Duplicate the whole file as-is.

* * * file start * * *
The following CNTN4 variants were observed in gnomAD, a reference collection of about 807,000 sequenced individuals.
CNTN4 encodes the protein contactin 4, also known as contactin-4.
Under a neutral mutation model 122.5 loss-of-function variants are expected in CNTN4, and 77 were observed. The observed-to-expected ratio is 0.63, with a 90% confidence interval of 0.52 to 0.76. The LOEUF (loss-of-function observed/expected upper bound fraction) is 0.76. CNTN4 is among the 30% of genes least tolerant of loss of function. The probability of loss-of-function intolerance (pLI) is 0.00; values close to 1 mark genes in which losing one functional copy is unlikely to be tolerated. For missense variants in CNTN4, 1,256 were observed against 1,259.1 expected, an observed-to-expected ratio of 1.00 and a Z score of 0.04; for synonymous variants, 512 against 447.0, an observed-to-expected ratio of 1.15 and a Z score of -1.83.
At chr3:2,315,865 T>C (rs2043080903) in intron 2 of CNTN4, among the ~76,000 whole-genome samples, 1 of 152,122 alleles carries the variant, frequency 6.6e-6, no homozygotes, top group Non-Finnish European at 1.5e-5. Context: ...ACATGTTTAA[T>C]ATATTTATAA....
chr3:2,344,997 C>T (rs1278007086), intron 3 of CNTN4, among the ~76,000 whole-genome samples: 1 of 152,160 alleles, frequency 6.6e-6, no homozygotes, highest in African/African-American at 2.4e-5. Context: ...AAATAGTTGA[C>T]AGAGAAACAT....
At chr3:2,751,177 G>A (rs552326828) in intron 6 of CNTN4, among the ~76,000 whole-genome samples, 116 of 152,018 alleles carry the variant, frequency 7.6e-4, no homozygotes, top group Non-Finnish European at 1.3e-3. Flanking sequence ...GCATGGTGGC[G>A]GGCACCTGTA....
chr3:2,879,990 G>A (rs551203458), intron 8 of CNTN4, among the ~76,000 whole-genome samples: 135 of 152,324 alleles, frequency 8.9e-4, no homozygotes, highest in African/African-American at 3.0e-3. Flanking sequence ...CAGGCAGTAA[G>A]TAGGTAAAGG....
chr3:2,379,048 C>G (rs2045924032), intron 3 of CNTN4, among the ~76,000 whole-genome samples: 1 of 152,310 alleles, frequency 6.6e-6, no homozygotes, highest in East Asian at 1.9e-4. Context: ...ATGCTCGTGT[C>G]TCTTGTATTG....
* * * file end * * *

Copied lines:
The following CNTN4 variants were observed in gnomAD, a reference collection of about 807,000 sequenced individuals.
CNTN4 encodes the protein contactin 4, also known as contactin-4.
Under a neutral mutation model 122.5 loss-of-function variants are expected in CNTN4, and 77 were observed. The observed-to-expected ratio is 0.63, with a 90% confidence interval of 0.52 to 0.76. The LOEUF (loss-of-function observed/expected upper bound fraction) is 0.76. CNTN4 is among the 30% of genes least tolerant of loss of function. The probability of loss-of-function intolerance (pLI) is 0.00; values close to 1 mark genes in which losing one functional copy is unlikely to be tolerated. For missense variants in CNTN4, 1,256 were observed against 1,259.1 expected, an observed-to-expected ratio of 1.00 and a Z score of 0.04; for synonymous variants, 512 against 447.0, an observed-to-expected ratio of 1.15 and a Z score of -1.83.
At chr3:2,315,865 T>C (rs2043080903) in intron 2 of CNTN4, among the ~76,000 whole-genome samples, 1 of 152,122 alleles carries the variant, frequency 6.6e-6, no homozygotes, top group Non-Finnish European at 1.5e-5. Context: ...ACATGTTTAA[T>C]ATATTTATAA....
chr3:2,344,997 C>T (rs1278007086), intron 3 of CNTN4, among the ~76,000 whole-genome samples: 1 of 152,160 alleles, frequency 6.6e-6, no homozygotes, highest in African/African-American at 2.4e-5. Context: ...AAATAGTTGA[C>T]AGAGAAACAT....
At chr3:2,751,177 G>A (rs552326828) in intron 6 of CNTN4, among the ~76,000 whole-genome samples, 116 of 152,018 alleles carry the variant, frequency 7.6e-4, no homozygotes, top group Non-Finnish European at 1.3e-3. Flanking sequence ...GCATGGTGGC[G>A]GGCACCTGTA....
chr3:2,879,990 G>A (rs551203458), intron 8 of CNTN4, among the ~76,000 whole-genome samples: 135 of 152,324 alleles, frequency 8.9e-4, no homozygotes, highest in African/African-American at 3.0e-3. Flanking sequence ...CAGGCAGTAA[G>A]TAGGTAAAGG....
chr3:2,379,048 C>G (rs2045924032), intron 3 of CNTN4, among the ~76,000 whole-genome samples: 1 of 152,310 alleles, frequency 6.6e-6, no homozygotes, highest in East Asian at 1.9e-4. Context: ...ATGCTCGTGT[C>G]TCTTGTATTG....